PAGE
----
The name Donegal comes from the Irish `Dun na nGall' meaning fort of the foreigner. It is Ireland's most northerly county.
Donegal is famous for its scenery, with majestic mountain ranges, hidden glens, beautiful lakes and a wonderful indented
coastline, featuring some of Europe's finest beaches.
Blanket bogs, now rare in the world, cover . One of Donegal's major attractions is Glenveagh National Park, with 25,000
hectares of unspoilt countryside. This land has been occupied by humans for over 9,000 years and is renowned for its history
and archaeology. Pre-Christian farmers left tomb monuments which still dot the county, while evidence of Viking settlements
can be seen in Raphoe and Donegal town.
The Norman's arrived in the 12th Century and relics of them remain, notable on the Inishowen Peninsula.
Christianity had a profound influence in Donegal and many early Christian monuments can be seen today. These include churches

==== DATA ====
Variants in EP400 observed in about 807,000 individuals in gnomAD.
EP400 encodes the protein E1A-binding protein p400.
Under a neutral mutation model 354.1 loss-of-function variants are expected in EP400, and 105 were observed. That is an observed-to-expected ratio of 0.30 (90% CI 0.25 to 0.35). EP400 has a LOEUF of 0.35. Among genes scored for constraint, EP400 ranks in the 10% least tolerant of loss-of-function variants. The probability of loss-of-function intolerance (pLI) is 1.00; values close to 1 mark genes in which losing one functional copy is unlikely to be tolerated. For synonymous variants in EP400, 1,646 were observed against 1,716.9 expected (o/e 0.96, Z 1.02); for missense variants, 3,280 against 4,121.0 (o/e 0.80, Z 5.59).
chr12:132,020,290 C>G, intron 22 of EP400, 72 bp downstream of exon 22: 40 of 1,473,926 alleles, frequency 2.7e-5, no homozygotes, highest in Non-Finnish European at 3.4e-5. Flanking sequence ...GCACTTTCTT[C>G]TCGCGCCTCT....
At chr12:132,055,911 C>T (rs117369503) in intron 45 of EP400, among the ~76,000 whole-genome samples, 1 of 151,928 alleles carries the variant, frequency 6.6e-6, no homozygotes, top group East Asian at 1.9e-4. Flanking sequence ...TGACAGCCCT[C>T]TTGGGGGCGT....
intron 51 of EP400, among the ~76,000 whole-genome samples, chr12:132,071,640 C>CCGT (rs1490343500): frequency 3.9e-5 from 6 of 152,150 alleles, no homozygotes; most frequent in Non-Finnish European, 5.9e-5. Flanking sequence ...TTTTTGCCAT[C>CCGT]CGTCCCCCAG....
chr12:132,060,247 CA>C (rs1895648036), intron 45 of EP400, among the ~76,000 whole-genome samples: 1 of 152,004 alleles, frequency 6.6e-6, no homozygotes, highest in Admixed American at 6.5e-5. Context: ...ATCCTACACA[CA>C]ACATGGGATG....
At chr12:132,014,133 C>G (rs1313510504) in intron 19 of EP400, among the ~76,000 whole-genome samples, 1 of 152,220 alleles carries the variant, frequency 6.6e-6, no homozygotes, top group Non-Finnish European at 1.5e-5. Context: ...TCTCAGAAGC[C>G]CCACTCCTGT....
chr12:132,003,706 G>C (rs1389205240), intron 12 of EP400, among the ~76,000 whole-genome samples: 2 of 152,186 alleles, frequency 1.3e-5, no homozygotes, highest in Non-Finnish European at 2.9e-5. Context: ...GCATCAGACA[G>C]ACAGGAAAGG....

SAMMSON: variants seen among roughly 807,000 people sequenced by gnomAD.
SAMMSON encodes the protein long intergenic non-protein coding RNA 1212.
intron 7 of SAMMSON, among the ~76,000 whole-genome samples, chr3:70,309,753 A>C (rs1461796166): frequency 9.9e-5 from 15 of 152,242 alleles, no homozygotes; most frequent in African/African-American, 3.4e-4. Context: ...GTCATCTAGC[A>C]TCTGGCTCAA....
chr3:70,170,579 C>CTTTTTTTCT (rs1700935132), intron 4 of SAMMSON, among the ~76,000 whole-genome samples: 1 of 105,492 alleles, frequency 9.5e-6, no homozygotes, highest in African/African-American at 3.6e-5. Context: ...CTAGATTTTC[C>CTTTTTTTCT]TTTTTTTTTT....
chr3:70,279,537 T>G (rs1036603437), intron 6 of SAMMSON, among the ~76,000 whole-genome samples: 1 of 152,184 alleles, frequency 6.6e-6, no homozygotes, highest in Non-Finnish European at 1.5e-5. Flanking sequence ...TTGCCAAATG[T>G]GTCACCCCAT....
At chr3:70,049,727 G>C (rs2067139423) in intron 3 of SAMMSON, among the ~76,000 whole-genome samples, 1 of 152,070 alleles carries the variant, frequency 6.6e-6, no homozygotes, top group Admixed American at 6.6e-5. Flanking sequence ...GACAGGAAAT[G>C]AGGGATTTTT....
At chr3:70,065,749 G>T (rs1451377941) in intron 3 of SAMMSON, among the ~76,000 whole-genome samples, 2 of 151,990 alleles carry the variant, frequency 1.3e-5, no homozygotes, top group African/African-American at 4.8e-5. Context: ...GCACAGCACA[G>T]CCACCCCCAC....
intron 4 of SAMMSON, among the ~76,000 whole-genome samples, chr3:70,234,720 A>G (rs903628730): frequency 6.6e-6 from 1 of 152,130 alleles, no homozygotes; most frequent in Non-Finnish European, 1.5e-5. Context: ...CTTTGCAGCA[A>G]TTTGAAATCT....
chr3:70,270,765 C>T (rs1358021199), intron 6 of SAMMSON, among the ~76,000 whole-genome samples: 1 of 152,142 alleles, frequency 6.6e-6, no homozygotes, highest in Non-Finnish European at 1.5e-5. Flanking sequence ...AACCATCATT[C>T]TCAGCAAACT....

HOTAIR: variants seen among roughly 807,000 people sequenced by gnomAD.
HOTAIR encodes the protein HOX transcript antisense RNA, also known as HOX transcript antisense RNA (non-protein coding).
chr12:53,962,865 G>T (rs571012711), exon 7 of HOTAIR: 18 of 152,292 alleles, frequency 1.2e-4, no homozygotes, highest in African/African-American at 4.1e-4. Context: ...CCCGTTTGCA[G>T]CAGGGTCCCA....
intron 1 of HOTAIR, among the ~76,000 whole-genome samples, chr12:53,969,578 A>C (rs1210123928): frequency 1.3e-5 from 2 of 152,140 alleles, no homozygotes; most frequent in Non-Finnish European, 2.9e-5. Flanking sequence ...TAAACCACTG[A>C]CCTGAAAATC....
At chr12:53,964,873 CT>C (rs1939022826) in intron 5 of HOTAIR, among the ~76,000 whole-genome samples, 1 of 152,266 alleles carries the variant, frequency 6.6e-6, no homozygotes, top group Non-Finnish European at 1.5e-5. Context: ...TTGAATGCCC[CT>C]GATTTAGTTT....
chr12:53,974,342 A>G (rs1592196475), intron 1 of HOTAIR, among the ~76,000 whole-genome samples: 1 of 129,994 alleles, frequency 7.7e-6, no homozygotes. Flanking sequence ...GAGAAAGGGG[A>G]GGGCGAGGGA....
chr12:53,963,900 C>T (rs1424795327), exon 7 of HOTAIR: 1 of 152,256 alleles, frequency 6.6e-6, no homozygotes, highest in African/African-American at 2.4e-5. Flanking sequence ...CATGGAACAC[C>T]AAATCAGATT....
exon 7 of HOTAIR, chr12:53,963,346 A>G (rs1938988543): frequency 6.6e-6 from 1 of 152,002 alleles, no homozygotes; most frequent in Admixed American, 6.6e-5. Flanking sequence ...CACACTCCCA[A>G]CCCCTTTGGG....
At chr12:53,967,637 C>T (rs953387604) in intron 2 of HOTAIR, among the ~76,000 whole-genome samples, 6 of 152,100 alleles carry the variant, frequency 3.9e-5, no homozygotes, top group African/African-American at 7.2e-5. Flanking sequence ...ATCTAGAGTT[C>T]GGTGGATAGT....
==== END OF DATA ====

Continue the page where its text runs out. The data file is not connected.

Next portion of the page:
and religious sites commemorating St. Colmcille, the Donegal man who converted Scotland to Christianity. To the south, Lough
Derg is a famous pilgrimage site, while Donegal town has a Franciscan monastery dating from the early 17th century. Letterkenny,
Donegal's ecclesiastical and administrative headquarters is home to St. Eunan's Cathedral.
Surrounded by mountains and sea, Donegal preserved its Gaelic culture and language for longer than most places. Today,
that language and culture remain strong in its extensive Gaeltacht area stretching from Fanad Head to Slieve League. Fishing
and tweed production are Donegal's major industries, with exports worldwide.